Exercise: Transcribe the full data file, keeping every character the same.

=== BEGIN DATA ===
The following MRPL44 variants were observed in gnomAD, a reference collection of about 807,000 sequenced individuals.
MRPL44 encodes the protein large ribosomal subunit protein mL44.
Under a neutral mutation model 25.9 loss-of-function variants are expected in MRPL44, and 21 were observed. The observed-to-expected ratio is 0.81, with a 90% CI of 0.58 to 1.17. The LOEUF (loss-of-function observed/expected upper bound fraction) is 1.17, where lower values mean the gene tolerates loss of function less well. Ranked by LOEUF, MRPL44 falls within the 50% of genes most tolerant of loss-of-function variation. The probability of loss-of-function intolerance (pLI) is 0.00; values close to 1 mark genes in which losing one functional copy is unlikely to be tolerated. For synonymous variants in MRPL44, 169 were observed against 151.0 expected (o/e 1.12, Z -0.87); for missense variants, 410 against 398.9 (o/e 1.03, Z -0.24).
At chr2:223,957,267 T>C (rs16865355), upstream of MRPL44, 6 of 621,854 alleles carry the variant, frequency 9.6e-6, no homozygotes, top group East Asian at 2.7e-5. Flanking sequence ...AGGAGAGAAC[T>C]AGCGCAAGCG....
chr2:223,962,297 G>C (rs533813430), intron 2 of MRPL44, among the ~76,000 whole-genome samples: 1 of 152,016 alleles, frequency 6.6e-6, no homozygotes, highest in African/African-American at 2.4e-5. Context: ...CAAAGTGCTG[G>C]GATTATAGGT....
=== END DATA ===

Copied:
The following MRPL44 variants were observed in gnomAD, a reference collection of about 807,000 sequenced individuals.
MRPL44 encodes the protein large ribosomal subunit protein mL44.
Under a neutral mutation model 25.9 loss-of-function variants are expected in MRPL44, and 21 were observed. The observed-to-expected ratio is 0.81, with a 90% CI of 0.58 to 1.17. The LOEUF (loss-of-function observed/expected upper bound fraction) is 1.17, where lower values mean the gene tolerates loss of function less well. Ranked by LOEUF, MRPL44 falls within the 50% of genes most tolerant of loss-of-function variation. The probability of loss-of-function intolerance (pLI) is 0.00; values close to 1 mark genes in which losing one functional copy is unlikely to be tolerated. For synonymous variants in MRPL44, 169 were observed against 151.0 expected (o/e 1.12, Z -0.87); for missense variants, 410 against 398.9 (o/e 1.03, Z -0.24).
At chr2:223,957,267 T>C (rs16865355), upstream of MRPL44, 6 of 621,854 alleles carry the variant, frequency 9.6e-6, no homozygotes, top group East Asian at 2.7e-5. Flanking sequence ...AGGAGAGAAC[T>C]AGCGCAAGCG....
chr2:223,962,297 G>C (rs533813430), intron 2 of MRPL44, among the ~76,000 whole-genome samples: 1 of 152,016 alleles, frequency 6.6e-6, no homozygotes, highest in African/African-American at 2.4e-5. Context: ...CAAAGTGCTG[G>C]GATTATAGGT....